The British media (especially the tabloids) have done their very worst to tear down the Middletons, but celebrate the lineage of Prince Harry's new girlfriend, Cressida Bonas, whose mother, Lady Mary Gaye Curzon, is a daughter of the Earl Howe. Lady Mary-Gaye has been married four times, with Cressida's father, Jeffrey Bonas, chalking up two marital failures. Cressida has half-siblings who have half and step siblings. All the right schools, great family connections, but no evidence of a establishing a foundation for marital stability.
The story about Carole pushing Catherine toward St. Andrews to catch a prince is totally without merit. People who write this nonsense have no knowledge of how one applies and gets into a British university. Applying to a British university is very different than here in the United States. It is a long process that requires the results of your A-levels ... and what you want to study. Universities offer a number of places for each degree of study. A person might want to study Geography at University A but is not offered a place because the A-levels might not be good enough. The school might offer a place for another degree with different A-levels. Or there might be a place a second or third choice, but it is not similar to the American method of applying to dozens of universities, getting accepted into one or more, picking and choosing, weighing financial aid offers and so on. Americans largely do not pick a major until after the first year, and then may change that major several times.
Kate Nicholls offered her usual remarks, including the one about Catherine having a poster of William on her wall at Marlborough School. I guess Kate did not read the transcript from William and Catherine's engagement interview.
"TB: There's a story that goes around that you had a picture of him on your
William: There wasn't just one, there was about 20.
Miss Middleton: He wishes. No, I had the Levis guy on my wall, not a picture
of William, sorry. "
I am not tooting my own horn because I have done media and print interviews. But I think it is very important for the news media to make sure the people they bring on actually know what they are talking about. Natalie Morales should have questioned Morton by saying: are you sure Charles was educated at the palace? I have read that he attended different schools.
Other gaffes in the CNN special: claiming William and Catherine broke tradition by not going to Balmoral for their honeymoon. Charles and Diana's first nights were at Broadlands (where the Queen and Philip spent the first part of their honeymoon), and then they boarded the royal yacht, Britannia, and cruised. They returned homed and traveled to join the Queen and others at Balmoral.
There are a number of very good royal experts on both sides of the Pond, not all are known names or authors of "popular" books. When Diana died, I spent nearly every day at CNN or NBC, even flown up to NYC to be on Dateline.
The Canadian media is blessed with Carolyn Harris, who recently earned a Ph.D in history. She is becoming a media maven north of the border. She knows the value of researching topics before going on the air. She has the right stuff.
Other recent major faux pas that kept on giving. The nonsense about the royal easel tradition. No, the tradition is putting a note on the railings of gates at Buckingham Palace or Clarence House (where Anne was born). The easel was brought out the day after William was born. This time, the palace eschewed tradition, skipped the note on railings, and just used the Easel. Sad. British media from the Daily Telegraph to Hello magazine fell for the this is the first ever, ever royal who would be a prince or princess of Cambridge. British royal history did not begin in 1981, as many appear to assume.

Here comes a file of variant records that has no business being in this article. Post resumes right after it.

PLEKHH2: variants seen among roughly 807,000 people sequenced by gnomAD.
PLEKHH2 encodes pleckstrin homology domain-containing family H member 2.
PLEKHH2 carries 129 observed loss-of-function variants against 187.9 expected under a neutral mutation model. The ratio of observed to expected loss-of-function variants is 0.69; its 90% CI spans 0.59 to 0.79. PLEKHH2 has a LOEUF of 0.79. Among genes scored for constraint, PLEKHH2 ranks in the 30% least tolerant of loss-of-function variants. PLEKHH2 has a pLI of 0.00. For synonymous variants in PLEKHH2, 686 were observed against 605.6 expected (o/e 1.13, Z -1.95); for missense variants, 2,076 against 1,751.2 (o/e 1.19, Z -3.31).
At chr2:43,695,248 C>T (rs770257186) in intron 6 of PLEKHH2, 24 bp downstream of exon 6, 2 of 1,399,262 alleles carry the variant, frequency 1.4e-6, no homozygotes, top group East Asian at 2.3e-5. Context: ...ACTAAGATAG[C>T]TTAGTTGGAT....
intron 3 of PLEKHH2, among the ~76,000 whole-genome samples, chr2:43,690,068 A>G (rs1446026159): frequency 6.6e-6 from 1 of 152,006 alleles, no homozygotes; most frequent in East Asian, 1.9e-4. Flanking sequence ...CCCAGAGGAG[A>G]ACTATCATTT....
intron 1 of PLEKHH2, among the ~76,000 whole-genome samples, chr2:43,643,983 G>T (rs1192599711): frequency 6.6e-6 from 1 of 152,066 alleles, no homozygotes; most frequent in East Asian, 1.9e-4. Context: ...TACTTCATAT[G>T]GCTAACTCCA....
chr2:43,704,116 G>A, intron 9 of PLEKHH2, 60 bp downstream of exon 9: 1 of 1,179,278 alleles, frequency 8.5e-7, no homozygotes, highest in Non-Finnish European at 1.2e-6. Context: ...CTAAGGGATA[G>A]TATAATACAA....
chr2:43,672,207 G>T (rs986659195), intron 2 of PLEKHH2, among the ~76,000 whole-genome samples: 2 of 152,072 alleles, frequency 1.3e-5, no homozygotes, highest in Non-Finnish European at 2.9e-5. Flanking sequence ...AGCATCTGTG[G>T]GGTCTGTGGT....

Baby Cambridge is the first Prince of Cambridge since May 1819, when the Duchess of Cambridge (Princess Augusta of Hesse) gave birth to Prince George of Cambridge on March 26th. He was the second duke of Cambridge, succeeding his father in 1850. He died in 1904. He was a first cousin of Queen Victoria. He had two younger sisters, Princess Augusta and Princess Mary Adelaide.
The new baby is a direct descendant of the Duke of Cambridge. Mary Adelaide, the first People's Princess, married the Duke of Teck. Their daughter, Mary, married King George V, Their second son, Bertie, became King George VI, and his daughter is Queen Elizabeth II. She has a son named Charles who has a son, William, who just became the father of a son.
This leads me to USlessWeekly. which reported about a week ago that William had a meeting with Queen Elizabeth II at Sandringham a few weeks ago, a formal meeting. Only problem, the Queen was at Edinburgh for official duties when this meeting took place. After I -- and a few others -- told the USWeekly reporter the truth, the story was changed to William meeting with Philip at Sandringham. None of us said it was Philip. I said a meeting would have been impossible. The story was completely fabricated.
Also impossible. The 92-year-old Duke of Edinburgh has been recovering from surgery at Windsor Castle. It was noted yesterday that he is now well enough to accompany the Queen at Balmoral.
ABC's 20/20 special on the royal baby was shown on Tuesday night. I give it 0.0. Apart from the commentary from Ingrid Seward and Victoria Arbiter, whose father, Dickie, once served as the Queen's press spokesman, the show fell flat rather quickly. Lots of gaffes, but most disappointing was Barbara Walters who repeated the nonsense that Prince William was the first heir to attend school. How could Barbara Walter, whose career took off in the 1960s, not know that the Prince of Wales was the first British heir to be sent to school. The Palace certainly never hid the information..
Here is an excerpt from an interview with the Prince of Wales in 1985, where he talks to Barbara about his education and mentions Gordonstoun.